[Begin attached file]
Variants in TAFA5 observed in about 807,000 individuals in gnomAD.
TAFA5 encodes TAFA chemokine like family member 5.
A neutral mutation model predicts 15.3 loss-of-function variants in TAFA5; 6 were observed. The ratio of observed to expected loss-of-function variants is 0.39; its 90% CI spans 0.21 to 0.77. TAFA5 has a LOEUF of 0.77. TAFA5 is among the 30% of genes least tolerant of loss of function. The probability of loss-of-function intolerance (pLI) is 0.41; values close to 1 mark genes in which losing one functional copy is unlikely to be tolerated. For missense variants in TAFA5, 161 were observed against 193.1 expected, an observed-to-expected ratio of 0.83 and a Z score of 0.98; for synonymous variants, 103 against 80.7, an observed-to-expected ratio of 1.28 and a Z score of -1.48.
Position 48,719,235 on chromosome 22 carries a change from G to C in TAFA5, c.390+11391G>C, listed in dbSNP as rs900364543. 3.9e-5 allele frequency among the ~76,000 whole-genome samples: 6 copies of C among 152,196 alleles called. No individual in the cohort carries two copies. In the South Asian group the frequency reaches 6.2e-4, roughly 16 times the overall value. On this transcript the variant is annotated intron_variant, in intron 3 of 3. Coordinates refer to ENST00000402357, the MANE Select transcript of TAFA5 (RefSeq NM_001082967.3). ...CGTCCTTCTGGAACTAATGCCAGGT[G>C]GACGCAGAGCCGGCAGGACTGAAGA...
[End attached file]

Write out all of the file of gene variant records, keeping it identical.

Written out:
Variants in TAFA5 observed in about 807,000 individuals in gnomAD.
TAFA5 encodes TAFA chemokine like family member 5.
A neutral mutation model predicts 15.3 loss-of-function variants in TAFA5; 6 were observed. The ratio of observed to expected loss-of-function variants is 0.39; its 90% CI spans 0.21 to 0.77. TAFA5 has a LOEUF of 0.77. TAFA5 is among the 30% of genes least tolerant of loss of function. The probability of loss-of-function intolerance (pLI) is 0.41; values close to 1 mark genes in which losing one functional copy is unlikely to be tolerated. For missense variants in TAFA5, 161 were observed against 193.1 expected, an observed-to-expected ratio of 0.83 and a Z score of 0.98; for synonymous variants, 103 against 80.7, an observed-to-expected ratio of 1.28 and a Z score of -1.48.
Position 48,719,235 on chromosome 22 carries a change from G to C in TAFA5, c.390+11391G>C, listed in dbSNP as rs900364543. 3.9e-5 allele frequency among the ~76,000 whole-genome samples: 6 copies of C among 152,196 alleles called. No individual in the cohort carries two copies. In the South Asian group the frequency reaches 6.2e-4, roughly 16 times the overall value. On this transcript the variant is annotated intron_variant, in intron 3 of 3. Coordinates refer to ENST00000402357, the MANE Select transcript of TAFA5 (RefSeq NM_001082967.3). ...CGTCCTTCTGGAACTAATGCCAGGT[G>C]GACGCAGAGCCGGCAGGACTGAAGA...